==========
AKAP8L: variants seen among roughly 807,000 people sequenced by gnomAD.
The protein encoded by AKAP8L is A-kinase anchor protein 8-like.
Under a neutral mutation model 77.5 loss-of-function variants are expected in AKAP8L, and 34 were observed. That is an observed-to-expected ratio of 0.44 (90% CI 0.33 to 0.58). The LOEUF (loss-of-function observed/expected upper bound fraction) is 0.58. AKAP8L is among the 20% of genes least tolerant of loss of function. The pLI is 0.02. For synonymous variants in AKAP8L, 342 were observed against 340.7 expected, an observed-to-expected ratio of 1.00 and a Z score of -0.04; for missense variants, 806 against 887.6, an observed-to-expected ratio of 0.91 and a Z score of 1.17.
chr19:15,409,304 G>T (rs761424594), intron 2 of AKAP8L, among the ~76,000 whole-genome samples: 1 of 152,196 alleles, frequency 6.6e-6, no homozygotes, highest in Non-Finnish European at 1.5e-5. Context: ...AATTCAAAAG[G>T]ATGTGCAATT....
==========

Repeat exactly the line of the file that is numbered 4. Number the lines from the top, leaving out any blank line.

chr19:15,409,304 G>T (rs761424594), intron 2 of AKAP8L, among the ~76,000 whole-genome samples: 1 of 152,196 alleles, frequency 6.6e-6, no homozygotes, highest in Non-Finnish European at 1.5e-5. Context: ...AATTCAAAAG[G>T]ATGTGCAATT....